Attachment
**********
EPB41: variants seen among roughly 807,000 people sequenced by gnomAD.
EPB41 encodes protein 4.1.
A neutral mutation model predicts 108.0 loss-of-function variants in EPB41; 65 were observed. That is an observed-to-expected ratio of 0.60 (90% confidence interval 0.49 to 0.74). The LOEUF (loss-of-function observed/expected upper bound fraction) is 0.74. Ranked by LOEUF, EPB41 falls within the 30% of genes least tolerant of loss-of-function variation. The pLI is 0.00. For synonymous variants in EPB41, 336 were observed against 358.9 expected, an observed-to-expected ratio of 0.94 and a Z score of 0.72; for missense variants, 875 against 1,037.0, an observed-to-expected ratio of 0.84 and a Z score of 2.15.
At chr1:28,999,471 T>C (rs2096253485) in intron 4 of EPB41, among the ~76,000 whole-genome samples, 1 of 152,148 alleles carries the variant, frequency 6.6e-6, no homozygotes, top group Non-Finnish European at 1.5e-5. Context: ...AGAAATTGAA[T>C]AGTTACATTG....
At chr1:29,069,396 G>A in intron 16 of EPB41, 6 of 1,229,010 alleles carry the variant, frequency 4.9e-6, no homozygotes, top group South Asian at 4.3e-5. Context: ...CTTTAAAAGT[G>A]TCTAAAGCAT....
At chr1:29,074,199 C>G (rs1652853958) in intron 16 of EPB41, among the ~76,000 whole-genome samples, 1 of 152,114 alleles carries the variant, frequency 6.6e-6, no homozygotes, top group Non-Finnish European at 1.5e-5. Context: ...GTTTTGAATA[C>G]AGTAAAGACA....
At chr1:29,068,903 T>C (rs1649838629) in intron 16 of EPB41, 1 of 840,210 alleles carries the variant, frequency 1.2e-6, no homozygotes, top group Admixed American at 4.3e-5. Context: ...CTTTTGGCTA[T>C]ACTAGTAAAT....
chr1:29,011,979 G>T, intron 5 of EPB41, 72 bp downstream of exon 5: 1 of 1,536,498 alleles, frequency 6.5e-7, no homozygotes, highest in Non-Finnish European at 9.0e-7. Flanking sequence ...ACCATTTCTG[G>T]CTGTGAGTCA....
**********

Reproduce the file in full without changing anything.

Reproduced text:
EPB41: variants seen among roughly 807,000 people sequenced by gnomAD.
EPB41 encodes protein 4.1.
A neutral mutation model predicts 108.0 loss-of-function variants in EPB41; 65 were observed. That is an observed-to-expected ratio of 0.60 (90% confidence interval 0.49 to 0.74). The LOEUF (loss-of-function observed/expected upper bound fraction) is 0.74. Ranked by LOEUF, EPB41 falls within the 30% of genes least tolerant of loss-of-function variation. The pLI is 0.00. For synonymous variants in EPB41, 336 were observed against 358.9 expected, an observed-to-expected ratio of 0.94 and a Z score of 0.72; for missense variants, 875 against 1,037.0, an observed-to-expected ratio of 0.84 and a Z score of 2.15.
At chr1:28,999,471 T>C (rs2096253485) in intron 4 of EPB41, among the ~76,000 whole-genome samples, 1 of 152,148 alleles carries the variant, frequency 6.6e-6, no homozygotes, top group Non-Finnish European at 1.5e-5. Context: ...AGAAATTGAA[T>C]AGTTACATTG....
At chr1:29,069,396 G>A in intron 16 of EPB41, 6 of 1,229,010 alleles carry the variant, frequency 4.9e-6, no homozygotes, top group South Asian at 4.3e-5. Context: ...CTTTAAAAGT[G>A]TCTAAAGCAT....
At chr1:29,074,199 C>G (rs1652853958) in intron 16 of EPB41, among the ~76,000 whole-genome samples, 1 of 152,114 alleles carries the variant, frequency 6.6e-6, no homozygotes, top group Non-Finnish European at 1.5e-5. Context: ...GTTTTGAATA[C>G]AGTAAAGACA....
At chr1:29,068,903 T>C (rs1649838629) in intron 16 of EPB41, 1 of 840,210 alleles carries the variant, frequency 1.2e-6, no homozygotes, top group Admixed American at 4.3e-5. Context: ...CTTTTGGCTA[T>C]ACTAGTAAAT....
chr1:29,011,979 G>T, intron 5 of EPB41, 72 bp downstream of exon 5: 1 of 1,536,498 alleles, frequency 6.5e-7, no homozygotes, highest in Non-Finnish European at 9.0e-7. Flanking sequence ...ACCATTTCTG[G>T]CTGTGAGTCA....